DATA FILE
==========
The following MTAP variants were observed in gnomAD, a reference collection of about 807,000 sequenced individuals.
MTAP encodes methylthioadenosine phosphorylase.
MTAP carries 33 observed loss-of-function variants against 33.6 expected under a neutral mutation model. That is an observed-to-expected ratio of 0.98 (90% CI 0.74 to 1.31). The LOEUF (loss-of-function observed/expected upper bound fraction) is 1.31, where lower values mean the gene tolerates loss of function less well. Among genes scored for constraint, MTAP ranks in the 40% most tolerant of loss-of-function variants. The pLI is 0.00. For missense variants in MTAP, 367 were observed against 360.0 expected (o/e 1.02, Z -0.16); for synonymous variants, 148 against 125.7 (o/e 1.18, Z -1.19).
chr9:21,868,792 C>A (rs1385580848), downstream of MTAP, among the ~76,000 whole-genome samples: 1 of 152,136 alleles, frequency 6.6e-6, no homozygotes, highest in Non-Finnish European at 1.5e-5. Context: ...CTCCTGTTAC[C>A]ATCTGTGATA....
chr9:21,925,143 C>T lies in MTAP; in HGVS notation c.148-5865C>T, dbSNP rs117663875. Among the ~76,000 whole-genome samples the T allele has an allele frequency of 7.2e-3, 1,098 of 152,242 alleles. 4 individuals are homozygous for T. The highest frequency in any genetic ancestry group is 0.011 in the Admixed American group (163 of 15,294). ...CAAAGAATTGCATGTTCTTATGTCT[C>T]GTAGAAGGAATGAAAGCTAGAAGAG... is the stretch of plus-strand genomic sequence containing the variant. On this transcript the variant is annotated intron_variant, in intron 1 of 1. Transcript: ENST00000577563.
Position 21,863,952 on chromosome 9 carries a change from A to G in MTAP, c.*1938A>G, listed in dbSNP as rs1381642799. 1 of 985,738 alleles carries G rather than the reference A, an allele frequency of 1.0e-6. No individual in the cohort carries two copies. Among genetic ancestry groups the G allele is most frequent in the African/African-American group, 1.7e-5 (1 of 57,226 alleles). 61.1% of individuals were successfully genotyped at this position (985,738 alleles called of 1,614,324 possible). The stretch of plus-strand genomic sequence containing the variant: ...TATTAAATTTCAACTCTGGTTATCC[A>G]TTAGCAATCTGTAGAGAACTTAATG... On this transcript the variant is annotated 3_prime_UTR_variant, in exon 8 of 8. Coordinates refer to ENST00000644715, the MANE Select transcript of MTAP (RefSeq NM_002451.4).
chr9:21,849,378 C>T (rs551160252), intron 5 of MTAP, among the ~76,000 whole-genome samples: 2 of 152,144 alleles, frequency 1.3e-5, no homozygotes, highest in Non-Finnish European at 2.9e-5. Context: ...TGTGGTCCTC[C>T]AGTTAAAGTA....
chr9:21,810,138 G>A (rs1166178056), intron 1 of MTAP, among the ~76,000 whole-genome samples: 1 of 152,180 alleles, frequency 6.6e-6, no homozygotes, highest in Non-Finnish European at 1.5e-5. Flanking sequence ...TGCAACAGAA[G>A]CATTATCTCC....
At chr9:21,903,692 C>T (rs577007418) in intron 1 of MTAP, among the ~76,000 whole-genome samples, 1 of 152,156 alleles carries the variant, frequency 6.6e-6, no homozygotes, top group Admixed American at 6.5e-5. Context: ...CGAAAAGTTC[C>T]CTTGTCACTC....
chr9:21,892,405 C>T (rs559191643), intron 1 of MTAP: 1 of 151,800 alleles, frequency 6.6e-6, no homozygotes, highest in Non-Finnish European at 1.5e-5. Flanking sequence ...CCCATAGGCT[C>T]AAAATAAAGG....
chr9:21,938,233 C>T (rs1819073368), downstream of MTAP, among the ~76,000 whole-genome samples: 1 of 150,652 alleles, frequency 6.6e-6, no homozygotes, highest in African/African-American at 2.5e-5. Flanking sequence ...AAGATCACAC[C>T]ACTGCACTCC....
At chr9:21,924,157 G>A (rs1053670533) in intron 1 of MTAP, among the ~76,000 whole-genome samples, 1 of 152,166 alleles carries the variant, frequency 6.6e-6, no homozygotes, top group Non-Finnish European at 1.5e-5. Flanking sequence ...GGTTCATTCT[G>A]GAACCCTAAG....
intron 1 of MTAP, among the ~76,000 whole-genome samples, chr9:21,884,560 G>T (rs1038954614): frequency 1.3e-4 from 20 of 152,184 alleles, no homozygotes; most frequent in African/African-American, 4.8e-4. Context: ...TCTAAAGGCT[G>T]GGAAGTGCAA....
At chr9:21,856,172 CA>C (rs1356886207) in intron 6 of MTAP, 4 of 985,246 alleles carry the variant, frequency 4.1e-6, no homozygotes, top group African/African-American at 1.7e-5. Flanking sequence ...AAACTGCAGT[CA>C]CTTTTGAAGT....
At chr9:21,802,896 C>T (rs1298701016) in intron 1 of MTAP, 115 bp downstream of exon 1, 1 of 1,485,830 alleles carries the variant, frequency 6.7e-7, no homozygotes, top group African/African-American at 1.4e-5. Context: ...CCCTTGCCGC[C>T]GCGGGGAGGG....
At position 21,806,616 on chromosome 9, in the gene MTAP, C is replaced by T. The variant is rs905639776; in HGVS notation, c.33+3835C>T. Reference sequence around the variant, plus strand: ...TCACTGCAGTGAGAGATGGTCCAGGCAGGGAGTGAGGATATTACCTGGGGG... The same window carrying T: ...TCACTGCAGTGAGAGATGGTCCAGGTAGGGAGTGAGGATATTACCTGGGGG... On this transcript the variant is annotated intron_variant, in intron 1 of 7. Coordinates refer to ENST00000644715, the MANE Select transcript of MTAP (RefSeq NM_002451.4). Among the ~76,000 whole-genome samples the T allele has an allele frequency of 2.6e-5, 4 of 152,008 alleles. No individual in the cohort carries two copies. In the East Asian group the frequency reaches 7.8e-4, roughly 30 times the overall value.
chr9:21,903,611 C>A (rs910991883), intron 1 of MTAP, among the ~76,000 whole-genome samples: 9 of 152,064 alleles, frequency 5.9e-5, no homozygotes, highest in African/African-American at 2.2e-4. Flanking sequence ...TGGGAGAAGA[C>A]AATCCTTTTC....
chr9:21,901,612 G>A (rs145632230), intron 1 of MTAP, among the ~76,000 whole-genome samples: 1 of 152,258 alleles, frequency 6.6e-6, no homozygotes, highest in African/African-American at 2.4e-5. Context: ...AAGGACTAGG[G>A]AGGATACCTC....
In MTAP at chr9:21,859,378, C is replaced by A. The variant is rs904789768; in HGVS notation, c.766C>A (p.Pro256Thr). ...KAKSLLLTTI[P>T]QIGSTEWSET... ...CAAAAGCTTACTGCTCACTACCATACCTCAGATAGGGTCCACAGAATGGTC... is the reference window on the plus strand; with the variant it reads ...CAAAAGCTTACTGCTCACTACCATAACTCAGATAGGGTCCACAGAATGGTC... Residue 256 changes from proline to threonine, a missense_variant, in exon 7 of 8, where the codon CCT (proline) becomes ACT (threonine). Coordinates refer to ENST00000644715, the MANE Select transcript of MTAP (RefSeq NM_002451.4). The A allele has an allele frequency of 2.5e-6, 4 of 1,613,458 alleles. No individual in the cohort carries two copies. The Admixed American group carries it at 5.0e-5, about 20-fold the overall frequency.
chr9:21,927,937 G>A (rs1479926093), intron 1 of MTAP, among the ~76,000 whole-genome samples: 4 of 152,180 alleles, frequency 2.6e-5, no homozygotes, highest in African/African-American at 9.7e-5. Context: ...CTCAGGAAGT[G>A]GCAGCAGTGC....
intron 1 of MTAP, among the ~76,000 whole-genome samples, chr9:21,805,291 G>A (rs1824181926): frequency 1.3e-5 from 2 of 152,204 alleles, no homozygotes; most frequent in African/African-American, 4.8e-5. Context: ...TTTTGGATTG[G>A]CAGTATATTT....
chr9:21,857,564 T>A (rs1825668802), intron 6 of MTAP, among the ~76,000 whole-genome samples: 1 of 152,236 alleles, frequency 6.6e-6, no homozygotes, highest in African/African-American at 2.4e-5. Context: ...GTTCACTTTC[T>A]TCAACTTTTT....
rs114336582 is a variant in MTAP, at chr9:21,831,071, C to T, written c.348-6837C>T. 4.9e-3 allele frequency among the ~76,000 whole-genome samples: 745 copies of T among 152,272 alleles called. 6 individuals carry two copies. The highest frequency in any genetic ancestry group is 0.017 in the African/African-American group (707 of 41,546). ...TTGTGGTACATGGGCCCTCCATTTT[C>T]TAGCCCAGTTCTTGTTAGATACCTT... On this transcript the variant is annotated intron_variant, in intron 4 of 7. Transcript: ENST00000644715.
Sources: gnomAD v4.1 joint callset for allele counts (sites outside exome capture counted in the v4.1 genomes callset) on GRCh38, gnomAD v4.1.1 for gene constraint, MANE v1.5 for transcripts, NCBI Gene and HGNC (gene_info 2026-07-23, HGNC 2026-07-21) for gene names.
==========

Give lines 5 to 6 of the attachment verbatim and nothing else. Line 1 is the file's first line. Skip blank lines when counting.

chr9:21,925,143 C>T lies in MTAP; in HGVS notation c.148-5865C>T, dbSNP rs117663875. Among the ~76,000 whole-genome samples the T allele has an allele frequency of 7.2e-3, 1,098 of 152,242 alleles. 4 individuals are homozygous for T. The highest frequency in any genetic ancestry group is 0.011 in the Admixed American group (163 of 15,294). ...CAAAGAATTGCATGTTCTTATGTCT[C>T]GTAGAAGGAATGAAAGCTAGAAGAG... is the stretch of plus-strand genomic sequence containing the variant. On this transcript the variant is annotated intron_variant, in intron 1 of 1. Transcript: ENST00000577563.
Position 21,863,952 on chromosome 9 carries a change from A to G in MTAP, c.*1938A>G, listed in dbSNP as rs1381642799. 1 of 985,738 alleles carries G rather than the reference A, an allele frequency of 1.0e-6. No individual in the cohort carries two copies. Among genetic ancestry groups the G allele is most frequent in the African/African-American group, 1.7e-5 (1 of 57,226 alleles). 61.1% of individuals were successfully genotyped at this position (985,738 alleles called of 1,614,324 possible). The stretch of plus-strand genomic sequence containing the variant: ...TATTAAATTTCAACTCTGGTTATCC[A>G]TTAGCAATCTGTAGAGAACTTAATG... On this transcript the variant is annotated 3_prime_UTR_variant, in exon 8 of 8. Coordinates refer to ENST00000644715, the MANE Select transcript of MTAP (RefSeq NM_002451.4).